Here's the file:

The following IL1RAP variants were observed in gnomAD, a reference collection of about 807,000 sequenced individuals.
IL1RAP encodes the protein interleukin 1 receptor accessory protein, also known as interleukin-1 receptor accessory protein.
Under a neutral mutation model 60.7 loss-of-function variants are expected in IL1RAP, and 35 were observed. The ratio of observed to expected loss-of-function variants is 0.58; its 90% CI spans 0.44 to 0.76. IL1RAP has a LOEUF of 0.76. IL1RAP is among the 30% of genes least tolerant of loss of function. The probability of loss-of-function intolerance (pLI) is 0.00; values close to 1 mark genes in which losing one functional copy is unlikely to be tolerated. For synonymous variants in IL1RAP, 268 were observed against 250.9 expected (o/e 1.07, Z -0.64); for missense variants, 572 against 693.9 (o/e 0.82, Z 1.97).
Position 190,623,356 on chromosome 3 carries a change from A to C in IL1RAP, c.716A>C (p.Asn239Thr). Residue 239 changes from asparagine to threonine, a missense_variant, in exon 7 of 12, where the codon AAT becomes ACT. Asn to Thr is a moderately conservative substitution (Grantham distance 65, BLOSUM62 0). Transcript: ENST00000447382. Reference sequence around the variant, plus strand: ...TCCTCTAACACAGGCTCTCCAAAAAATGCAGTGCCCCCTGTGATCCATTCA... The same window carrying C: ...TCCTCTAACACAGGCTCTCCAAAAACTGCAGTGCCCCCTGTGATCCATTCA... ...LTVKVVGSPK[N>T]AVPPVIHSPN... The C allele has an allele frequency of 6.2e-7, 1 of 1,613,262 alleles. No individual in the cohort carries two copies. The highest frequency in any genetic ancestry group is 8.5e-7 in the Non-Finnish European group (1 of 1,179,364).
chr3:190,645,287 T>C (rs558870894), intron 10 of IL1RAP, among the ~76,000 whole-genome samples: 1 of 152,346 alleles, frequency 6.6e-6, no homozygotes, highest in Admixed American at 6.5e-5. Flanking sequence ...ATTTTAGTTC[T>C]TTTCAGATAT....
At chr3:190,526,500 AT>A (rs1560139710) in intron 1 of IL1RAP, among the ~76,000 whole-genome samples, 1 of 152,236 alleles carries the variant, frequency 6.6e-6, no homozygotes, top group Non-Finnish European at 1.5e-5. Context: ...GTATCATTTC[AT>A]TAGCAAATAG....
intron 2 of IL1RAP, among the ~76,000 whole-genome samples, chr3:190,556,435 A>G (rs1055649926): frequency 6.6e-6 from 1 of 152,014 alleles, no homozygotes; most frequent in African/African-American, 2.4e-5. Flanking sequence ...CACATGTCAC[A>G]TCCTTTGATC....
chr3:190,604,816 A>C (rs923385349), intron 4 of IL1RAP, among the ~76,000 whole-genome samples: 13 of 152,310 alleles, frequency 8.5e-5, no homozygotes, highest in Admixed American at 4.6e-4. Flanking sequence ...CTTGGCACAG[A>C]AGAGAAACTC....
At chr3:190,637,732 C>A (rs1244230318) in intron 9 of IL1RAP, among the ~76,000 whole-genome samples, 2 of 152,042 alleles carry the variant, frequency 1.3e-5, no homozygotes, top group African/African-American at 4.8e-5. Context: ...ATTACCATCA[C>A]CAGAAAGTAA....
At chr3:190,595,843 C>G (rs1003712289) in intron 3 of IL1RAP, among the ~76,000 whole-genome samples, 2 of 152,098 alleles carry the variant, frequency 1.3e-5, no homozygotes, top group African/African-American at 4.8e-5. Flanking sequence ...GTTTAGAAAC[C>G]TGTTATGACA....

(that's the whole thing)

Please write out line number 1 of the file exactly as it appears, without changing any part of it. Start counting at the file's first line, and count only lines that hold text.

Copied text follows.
The following IL1RAP variants were observed in gnomAD, a reference collection of about 807,000 sequenced individuals.